Saturday November 27, 2021

GI tags, certification to help Pakistan fetch higher exports: SBP

June 06, 2021

KARACHI: The geographical indications (GI) tagging can potentially have a beneficial impact on Pakistan’s exports by creating a distinct market identity of some export items, thereby allowing exporters to get higher unit prices and contribute to the country’s foreign exchange earnings, the central bank said.

“The recent measures taken by Pakistan to put in place the needed legal and regulatory framework for GI tagging are a step in the right direction,” the State Bank of Pakistan (SBP) said in its latest second quarterly report on the state of Pakistan's economy for the fiscal year 2020/21.

“That said, Pakistan also needs to expedite the domestic registration of other exportable and GI-worthy products.”

In the case of Pakistan, a recent case in GI tagging is that of the basmati rice. This aromatic rice variety is considered one of the world’s most premium, and is produced and exported by only two countries – Pakistan and India, it said.

The quality of basmati rice is reflected in its much higher unit values vis-à-vis non-basmati rice varieties. Since September 2020, however, the two countries are engaged in a legal process that is playing out in the European Union over the usage of the “basmati” label, it added.

Geographical indications are defined by Article 22 of the Agreement on Trade-Related Aspects of Intellectual Property Rights (WTO) as: “indications which identify a good as originating in the territory of a Member (of the WTO), or a region or locality in that territory, where a given quality, reputation or other characteristic of the good is essentially attributable to its geographical origin.”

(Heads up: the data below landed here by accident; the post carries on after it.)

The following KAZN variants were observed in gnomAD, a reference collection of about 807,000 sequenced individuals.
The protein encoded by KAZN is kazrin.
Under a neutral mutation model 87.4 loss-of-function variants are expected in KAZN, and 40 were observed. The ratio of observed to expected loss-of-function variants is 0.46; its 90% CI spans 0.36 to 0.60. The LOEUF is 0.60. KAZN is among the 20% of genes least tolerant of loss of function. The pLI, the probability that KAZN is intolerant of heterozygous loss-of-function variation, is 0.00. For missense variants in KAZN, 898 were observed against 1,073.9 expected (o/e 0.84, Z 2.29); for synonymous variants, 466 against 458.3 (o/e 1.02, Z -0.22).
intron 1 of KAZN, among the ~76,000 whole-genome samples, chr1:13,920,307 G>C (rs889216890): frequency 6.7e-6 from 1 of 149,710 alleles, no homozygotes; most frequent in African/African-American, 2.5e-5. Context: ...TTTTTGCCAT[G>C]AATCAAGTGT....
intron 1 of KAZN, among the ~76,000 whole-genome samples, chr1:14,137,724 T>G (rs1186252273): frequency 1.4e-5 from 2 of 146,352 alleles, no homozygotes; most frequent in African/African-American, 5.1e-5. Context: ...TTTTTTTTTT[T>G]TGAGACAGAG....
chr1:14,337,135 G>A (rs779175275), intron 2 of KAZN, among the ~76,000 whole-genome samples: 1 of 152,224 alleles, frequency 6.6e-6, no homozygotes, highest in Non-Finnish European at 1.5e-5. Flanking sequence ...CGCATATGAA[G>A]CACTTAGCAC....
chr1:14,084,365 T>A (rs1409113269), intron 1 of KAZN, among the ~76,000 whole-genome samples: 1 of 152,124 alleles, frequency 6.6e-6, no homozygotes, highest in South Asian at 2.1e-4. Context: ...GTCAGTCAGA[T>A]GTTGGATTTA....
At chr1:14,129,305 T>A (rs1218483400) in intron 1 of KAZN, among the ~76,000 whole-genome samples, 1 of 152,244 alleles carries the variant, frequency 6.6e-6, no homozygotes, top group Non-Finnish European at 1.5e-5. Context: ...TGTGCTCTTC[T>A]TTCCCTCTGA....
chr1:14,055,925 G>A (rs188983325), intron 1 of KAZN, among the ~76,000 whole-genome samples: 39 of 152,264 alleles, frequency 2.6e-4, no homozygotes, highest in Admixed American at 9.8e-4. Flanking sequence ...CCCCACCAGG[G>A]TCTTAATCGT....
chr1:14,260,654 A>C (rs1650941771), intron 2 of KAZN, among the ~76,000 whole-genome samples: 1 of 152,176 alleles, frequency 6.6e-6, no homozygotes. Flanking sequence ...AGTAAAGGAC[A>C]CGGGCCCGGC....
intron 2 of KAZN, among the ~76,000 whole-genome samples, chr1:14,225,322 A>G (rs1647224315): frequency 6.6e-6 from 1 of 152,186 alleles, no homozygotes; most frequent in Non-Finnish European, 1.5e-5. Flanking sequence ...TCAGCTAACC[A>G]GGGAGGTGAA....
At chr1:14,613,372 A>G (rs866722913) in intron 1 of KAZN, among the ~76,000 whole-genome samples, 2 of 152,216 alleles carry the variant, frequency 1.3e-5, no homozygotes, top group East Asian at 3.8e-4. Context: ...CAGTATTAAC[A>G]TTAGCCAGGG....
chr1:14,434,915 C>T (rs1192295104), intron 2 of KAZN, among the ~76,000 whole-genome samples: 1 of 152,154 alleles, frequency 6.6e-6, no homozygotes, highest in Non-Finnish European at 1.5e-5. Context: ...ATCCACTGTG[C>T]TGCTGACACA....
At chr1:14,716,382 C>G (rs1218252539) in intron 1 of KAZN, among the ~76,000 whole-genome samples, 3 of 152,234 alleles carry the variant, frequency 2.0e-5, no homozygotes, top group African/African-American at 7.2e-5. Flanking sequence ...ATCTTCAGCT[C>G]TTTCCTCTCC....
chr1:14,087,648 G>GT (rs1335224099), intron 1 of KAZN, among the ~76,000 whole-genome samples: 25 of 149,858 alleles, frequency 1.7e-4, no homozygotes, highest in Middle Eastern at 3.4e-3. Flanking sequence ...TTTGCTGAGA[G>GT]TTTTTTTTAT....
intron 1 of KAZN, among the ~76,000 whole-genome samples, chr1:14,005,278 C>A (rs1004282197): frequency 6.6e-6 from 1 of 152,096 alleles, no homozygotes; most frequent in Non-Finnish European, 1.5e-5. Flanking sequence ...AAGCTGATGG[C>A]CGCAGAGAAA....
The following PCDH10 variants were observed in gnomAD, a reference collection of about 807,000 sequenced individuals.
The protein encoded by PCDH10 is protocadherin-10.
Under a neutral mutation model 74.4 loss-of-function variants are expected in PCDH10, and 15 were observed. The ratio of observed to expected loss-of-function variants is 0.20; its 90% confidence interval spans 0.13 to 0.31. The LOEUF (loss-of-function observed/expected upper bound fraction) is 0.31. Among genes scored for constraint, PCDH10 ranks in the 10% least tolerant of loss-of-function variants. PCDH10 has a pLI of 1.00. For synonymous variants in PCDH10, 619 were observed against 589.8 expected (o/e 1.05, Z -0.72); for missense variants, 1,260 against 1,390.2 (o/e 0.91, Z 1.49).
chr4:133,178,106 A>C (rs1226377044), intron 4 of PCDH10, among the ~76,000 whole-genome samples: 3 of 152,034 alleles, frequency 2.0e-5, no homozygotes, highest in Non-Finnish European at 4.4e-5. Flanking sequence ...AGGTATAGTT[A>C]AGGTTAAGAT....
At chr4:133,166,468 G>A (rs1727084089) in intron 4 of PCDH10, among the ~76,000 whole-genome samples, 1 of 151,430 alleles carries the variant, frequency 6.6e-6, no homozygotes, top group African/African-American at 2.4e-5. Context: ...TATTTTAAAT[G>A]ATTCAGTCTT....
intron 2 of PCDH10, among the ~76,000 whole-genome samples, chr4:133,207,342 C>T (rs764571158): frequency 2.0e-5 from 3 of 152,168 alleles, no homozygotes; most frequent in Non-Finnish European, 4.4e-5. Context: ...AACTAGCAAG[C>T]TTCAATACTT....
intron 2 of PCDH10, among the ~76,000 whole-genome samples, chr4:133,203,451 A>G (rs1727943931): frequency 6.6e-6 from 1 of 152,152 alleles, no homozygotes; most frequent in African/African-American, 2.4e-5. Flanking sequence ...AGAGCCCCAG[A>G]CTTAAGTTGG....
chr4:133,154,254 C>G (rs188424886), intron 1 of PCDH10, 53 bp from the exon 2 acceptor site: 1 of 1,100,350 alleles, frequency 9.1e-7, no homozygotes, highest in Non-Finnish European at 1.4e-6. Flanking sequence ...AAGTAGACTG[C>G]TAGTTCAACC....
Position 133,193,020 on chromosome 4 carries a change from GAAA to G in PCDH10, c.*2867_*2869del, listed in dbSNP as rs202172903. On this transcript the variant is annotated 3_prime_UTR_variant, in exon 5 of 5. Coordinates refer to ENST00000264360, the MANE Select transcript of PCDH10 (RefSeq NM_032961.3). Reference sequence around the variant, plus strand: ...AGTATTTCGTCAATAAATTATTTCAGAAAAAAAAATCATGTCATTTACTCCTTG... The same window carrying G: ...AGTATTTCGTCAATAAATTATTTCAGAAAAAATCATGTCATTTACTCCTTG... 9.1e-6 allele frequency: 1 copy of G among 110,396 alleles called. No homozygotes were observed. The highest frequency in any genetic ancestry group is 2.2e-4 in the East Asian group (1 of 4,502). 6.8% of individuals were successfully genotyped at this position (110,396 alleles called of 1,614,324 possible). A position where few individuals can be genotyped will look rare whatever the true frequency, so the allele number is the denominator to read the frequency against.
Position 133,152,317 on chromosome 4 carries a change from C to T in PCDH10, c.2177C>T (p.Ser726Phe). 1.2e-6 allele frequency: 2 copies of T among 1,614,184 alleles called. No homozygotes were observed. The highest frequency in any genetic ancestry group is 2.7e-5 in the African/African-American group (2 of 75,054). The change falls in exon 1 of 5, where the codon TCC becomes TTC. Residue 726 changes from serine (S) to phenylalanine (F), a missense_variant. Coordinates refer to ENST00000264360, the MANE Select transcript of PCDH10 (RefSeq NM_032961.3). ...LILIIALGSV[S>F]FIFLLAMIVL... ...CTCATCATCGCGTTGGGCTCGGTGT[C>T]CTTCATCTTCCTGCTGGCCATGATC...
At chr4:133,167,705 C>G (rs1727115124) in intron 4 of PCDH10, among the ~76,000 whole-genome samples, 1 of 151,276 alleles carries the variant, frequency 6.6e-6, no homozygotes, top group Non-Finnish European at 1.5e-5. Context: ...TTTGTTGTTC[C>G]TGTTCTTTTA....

In October 2020, the government announced a ‘non-exhaustive indicative list of prospective geographical indications’ that included 79 assorted items at the time.

These products have the potential to increase the country’s export earnings, mainly by fetching premium prices, and from increased market access and endorsements by international companies and brands.

Furthermore, higher sales of these products would also contribute towards rural development and employment, according to the report.

There are a number of goods, both natural and manufactured, in Pakistan that carry unique characteristics because they are exclusively borne out of a particular locality, climate, set of traditions and/or a group of people. These include, but are not limited to, Basmati rice, Khewra pink salt, Swat peaches, Sindhri mangoes, Qasuri haldi/methi, Peshawari chappal, Multan blue pottery, truck art, and Sindhi ajrak. However, lacking awareness, resources, and business management and product marketing skills, the producers and/or exporters of these products generally neglect to build a brand, or register for appropriate rights to protect their products in the international market from counterfeiting and other infringements, the report said.

GI tags are generally used by the governments to prevent manipulation of domestic products by foreigners. The process is as follows. First, the government sanctions these tags to the products in light of national legislation on protection of intellectual property. Afterwards, they apply for protection in other countries.

Pakistan introduced its own comprehensive GI law in March 2020; until then, the country lacked legal grounds to protect its products, both within and beyond its borders.

Once established, the national GI tags can be extended internationally through four channels: a) by providing direct protection in the concerned jurisdiction; b) by concluding agreements with other states or commercial partners; c) through the Lisbon Agreement for the Protection of Appellations of Origin and their International Registration; and d) via the Madrid System for the International Registration of Marks, the SBP report said.